Welcome to another installment of our featured member interviews where we introduce you to PRIM&R’s members—individuals who work to advance ethical research on a daily basis. Please read on to learn more about their professional experiences, how membership helps connect them to a larger community, and what goes on behind-the-scenes in their lives!
Today we’d like to introduce you to Kristen Kenney, assistant director, Office of Research Integrity and Compliance at Children’s Hospital of Chicago in Chicago, IL.
Megan Frame (MF): When and why did you join the field?
Kristen Kenney (KK): I graduated with a degree in veterinary technology from Michigan State University (GO GREEN!). I began working in research as an assistant scientist at a pharmaceutical company in 2002. In 2008, I made the transition from working with animals to research administration and compliance. This seemed like a natural transition as I was able to blend my respect for animals and my experience as a scientist, and I found the perfect job for me: IACUC administration!
MF: What skills are particularly helpful in a job like yours?
KK: Having an open mind to other perspectives, experience in performing research with animals prior to working in research administration, and organization.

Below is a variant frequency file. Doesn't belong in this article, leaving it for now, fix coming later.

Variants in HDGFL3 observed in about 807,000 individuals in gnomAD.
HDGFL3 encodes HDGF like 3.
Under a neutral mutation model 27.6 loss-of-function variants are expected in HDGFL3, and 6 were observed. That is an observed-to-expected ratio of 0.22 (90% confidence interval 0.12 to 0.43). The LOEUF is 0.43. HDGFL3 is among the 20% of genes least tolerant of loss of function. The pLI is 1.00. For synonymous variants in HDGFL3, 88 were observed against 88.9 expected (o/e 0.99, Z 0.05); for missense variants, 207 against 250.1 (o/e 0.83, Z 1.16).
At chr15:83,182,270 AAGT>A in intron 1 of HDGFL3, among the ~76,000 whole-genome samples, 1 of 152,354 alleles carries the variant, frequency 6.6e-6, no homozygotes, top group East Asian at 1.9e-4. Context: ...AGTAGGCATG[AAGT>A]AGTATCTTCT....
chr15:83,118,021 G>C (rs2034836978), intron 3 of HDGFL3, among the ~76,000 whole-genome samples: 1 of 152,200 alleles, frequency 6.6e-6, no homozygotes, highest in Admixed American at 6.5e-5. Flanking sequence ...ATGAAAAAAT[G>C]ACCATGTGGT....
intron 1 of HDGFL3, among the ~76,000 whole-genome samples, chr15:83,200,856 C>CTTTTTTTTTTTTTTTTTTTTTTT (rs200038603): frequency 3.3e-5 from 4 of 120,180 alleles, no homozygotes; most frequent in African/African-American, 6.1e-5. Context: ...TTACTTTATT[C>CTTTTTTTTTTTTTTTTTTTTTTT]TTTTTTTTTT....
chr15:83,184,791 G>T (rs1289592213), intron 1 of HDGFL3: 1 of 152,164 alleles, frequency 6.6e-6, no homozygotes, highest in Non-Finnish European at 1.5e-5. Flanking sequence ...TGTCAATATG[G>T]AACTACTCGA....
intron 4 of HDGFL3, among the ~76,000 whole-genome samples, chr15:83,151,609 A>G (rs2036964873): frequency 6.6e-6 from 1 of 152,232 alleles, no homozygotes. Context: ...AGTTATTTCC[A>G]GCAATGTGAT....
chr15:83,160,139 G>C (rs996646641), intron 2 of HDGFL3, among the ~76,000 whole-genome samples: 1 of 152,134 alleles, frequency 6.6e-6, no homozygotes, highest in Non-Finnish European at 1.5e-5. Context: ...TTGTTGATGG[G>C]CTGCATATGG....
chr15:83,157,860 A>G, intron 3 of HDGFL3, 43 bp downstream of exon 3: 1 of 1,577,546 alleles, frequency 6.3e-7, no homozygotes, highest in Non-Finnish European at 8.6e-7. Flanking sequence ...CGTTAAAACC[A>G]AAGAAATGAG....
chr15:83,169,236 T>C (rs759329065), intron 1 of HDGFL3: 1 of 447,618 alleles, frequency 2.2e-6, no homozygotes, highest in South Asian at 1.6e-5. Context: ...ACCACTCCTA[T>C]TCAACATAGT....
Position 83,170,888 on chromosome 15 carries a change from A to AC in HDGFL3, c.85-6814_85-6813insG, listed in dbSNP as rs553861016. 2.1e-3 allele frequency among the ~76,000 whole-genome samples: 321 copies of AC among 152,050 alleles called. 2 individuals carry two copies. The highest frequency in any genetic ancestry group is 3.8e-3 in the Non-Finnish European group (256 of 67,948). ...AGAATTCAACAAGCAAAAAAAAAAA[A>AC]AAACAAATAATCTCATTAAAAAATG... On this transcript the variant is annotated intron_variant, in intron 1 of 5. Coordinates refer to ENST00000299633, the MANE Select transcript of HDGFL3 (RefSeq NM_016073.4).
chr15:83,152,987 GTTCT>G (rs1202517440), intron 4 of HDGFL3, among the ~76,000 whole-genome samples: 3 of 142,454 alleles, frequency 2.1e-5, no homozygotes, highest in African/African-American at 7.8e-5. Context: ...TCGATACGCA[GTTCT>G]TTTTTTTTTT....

MF: Tell us about one or more article, book, or document that has influenced your professional life.
KK: After reading All Creatures Great and Small by James Herriot at a young age, I was convinced that I wanted to work with animals. Dr. Herriot’s adventures as a veterinarian sounded exciting and rewarding, and although I did not end up with a career as a veterinarian, having the motivation to care for animals eventually led me to where I am today. I am happy to be in a position that oversees the protection of animals used in research.
MF: Have there been any PRIM&R events or talks that you have attended that have significantly impacted your approach to your work? If so, what were they and how did they influence you?
KK: Recently, I attended panel discussion on Practical Strategies for Conducting Harm/Benefit Analysis of Animal Research at the 2013 Institutional Animal Care and Use Committee (IACUC) Conference. I appreciated the various viewpoints represented during this discussion, and in particular, Dr. Allyson Bennett’s perspective as a principal investigator. She presented a well-balanced approach to reviewing animal protocols and reminded the group to look at the possible long term benefits of a specific project. Naturally, I tend to look at the immediate impact a procedure may have on the welfare of the animal. Hearing Dr. Bennett speak reminded me to consider the overall picture when it comes to research.
MF: What advice have you found most helpful in your career?
KK: I’ve learned there is a difference between responding to a situation and reacting to a situation. Responding in a calm, professional manner always leads to the best outcome.
Thank you for being part of the membership community and sharing your story, Kristen. We hope to see you next year at the 2014 IACUC Conference in Denver, CO!
If you’d like to learn more about becoming a member, please visit our website today.